Williams and Sharapova sit atop the WTA rankings at No. 1 and No. 2, respectively. Funny, after all the hype about the emerging Eugenie Bouchard, the surging Simona Halep and the recharged Petra Kvitova, women's tennis finds itself where it's been for the past five years: focused on Williams and Sharapova.
The two biggest names in women's tennis are vying to end 2014 with the No. 1 ranking. Williams has held the No. 1 spot since February 2013.
Sharapova's recent win in China has put her within striking distance of overtaking Williams. She can do it without beating Williams. However, if Sharapova wants that ranking to be taken seriously, a win over Williams is a must.
Williams has a 15-match, decade-long winning streak against Sharapova.
Sharapova doesn't hide her desire to best Williams. She told Mark Hodgkinson of WTAFinals.com, “It’s no secret that Serena is an opponent I would love to beat.”
She may get another opportunity if the two compete at the WTA Finals in Singapore. The year-end championship tournament begins Oct. 17.
Williams enters the tournament with 8645 points. Sharapova trails her in the rankings with 6680. A victim of her success in 2013, Williams has failed to defend the massive points she rolled up last year. She began 2014 with more than 12,000 points. Last year, she won 11 titles, including two Grand Slams and went 78-4. She also won the WTA Finals.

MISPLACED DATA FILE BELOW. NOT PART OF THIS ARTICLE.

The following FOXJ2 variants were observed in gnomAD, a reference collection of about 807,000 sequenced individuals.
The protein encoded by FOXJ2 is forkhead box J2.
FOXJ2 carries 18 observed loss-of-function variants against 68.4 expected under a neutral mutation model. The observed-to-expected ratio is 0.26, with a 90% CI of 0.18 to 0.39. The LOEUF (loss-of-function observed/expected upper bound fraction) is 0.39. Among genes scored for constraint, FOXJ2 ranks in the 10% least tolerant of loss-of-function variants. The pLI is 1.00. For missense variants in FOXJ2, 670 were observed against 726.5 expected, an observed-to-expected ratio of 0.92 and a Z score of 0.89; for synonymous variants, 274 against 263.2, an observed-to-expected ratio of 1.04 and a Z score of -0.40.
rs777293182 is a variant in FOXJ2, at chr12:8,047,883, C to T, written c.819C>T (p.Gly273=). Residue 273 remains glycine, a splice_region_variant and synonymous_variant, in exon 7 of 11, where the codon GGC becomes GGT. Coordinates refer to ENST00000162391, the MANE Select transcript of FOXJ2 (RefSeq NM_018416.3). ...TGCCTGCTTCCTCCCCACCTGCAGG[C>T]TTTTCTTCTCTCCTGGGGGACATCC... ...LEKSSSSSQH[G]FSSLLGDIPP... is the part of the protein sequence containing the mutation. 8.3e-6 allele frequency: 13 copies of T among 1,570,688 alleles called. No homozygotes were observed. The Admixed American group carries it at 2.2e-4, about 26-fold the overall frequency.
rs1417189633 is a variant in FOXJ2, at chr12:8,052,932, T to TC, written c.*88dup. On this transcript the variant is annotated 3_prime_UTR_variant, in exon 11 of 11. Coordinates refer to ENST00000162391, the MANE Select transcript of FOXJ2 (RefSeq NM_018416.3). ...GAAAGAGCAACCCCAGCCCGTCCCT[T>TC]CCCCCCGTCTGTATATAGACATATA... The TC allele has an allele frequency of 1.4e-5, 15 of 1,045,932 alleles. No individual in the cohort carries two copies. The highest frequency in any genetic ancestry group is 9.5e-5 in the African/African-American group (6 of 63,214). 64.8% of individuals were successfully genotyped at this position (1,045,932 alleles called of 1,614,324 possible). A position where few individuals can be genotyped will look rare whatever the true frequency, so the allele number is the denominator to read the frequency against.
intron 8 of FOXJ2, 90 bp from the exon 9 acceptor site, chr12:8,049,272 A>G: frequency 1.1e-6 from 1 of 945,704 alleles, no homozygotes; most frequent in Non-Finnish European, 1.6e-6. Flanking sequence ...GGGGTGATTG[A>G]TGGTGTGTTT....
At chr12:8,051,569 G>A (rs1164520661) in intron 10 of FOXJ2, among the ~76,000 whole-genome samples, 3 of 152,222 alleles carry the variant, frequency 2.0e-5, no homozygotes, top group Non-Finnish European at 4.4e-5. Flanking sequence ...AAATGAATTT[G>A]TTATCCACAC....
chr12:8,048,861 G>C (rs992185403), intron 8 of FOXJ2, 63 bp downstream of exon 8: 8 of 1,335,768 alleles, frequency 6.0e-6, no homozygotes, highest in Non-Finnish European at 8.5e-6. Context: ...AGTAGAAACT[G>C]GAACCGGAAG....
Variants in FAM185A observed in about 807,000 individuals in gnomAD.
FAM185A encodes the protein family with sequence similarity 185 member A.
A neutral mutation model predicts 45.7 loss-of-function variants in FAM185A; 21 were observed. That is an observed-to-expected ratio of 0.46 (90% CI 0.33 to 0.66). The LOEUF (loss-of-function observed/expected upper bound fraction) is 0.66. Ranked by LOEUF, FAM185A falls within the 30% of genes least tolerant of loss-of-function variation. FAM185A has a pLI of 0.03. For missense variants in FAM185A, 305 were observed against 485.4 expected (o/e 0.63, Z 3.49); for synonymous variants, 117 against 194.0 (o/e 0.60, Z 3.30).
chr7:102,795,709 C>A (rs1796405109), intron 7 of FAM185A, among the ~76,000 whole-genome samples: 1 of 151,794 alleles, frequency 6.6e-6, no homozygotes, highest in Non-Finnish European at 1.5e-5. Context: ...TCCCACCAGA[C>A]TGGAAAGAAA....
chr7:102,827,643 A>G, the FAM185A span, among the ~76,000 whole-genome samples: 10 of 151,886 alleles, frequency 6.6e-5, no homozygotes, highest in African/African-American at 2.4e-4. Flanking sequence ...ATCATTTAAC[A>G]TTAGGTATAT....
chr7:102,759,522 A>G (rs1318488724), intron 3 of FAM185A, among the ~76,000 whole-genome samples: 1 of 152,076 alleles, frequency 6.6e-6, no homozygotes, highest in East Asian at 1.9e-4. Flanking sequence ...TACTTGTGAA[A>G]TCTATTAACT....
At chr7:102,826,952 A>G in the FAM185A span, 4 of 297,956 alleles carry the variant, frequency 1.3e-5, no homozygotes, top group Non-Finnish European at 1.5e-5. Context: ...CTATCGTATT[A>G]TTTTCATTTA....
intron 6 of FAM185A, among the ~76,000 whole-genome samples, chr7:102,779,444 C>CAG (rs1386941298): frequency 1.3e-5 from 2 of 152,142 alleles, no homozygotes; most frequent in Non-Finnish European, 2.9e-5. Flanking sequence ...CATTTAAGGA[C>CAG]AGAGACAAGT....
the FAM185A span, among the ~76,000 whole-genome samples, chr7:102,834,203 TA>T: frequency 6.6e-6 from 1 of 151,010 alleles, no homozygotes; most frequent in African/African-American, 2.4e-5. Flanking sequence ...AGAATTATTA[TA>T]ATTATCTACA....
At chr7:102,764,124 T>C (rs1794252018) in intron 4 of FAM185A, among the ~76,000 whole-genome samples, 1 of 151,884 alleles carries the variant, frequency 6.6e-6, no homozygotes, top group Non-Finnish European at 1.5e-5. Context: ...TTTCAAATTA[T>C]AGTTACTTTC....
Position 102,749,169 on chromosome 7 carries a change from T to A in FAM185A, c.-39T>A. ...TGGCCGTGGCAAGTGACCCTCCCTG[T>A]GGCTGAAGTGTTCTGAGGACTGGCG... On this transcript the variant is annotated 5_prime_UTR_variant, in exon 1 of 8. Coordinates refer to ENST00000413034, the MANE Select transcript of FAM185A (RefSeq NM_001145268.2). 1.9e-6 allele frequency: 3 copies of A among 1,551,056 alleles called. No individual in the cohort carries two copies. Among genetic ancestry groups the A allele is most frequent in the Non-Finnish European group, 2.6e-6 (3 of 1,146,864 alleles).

Defending those points has proved too difficult for Williams, who has been plagued by illness and injury this season. She recently withdrew from the China Open with a knee injury. Her knee was so swollen that Williams said it even hurt while sitting.
The 18-Slam winner told reporters that she plans to get an MRI in Europe and will decide whether it makes sense to play in the WTA finals. "If I feel this way for Singapore, I don't think it's smart for me to play," Williams said. "I'm just going to see how it goes."
Meanwhile, Sharapova has benefited from having zero points to defend in the fall. Sharapova, hampered by a shoulder issue, withdrew from the 2013 U.S. Open. She played just one match following Wimbledon, a loss to Sloane Stephens in Cincinnati.
If Williams withdraws from the finals, she loses 1500 points. Sharapova would need to win just three matches (worth 70 points each) to amass enough points to overtake Williams.
Keeping the No. 1 ranking may be less important to Williams, who has already said she plans to focus on winning Slams next season. She's already in the record books as the oldest woman to hold the No. 1 ranking. She clinched that at age 31. She's 33 now.
Williams hasn't completed a tournament since winning the U.S. Open in September. She might be thinking, why risk further injury for a No. 1 ranking that can easily be regained in January?
If Williams plays, Sharapova will have to win enough points and hope Williams can't defend enough. By gaining the No. 2 spot Sharapova avoids landing in Williams' group at the year-end championships. The earliest the two would clash is in the semifinals.
Despite the lopsided head-to-head, this matchup remains the most celebrated and anticipated meeting in women's tennis. Sharapova fans dread seeing Williams in their favorite's path. Yet they relish the day Sharapova might defeat her tormentor. Williams fans delight in the 15-match winning streak.
Tennis great Tracy Austin said it best, per Hodgkinson, "Maria is the one who says that you can't talk about rivalries until she wins one - and she says that with a chuckle. Even so, if there were two players I would want to see competing in a big final, it would be those two."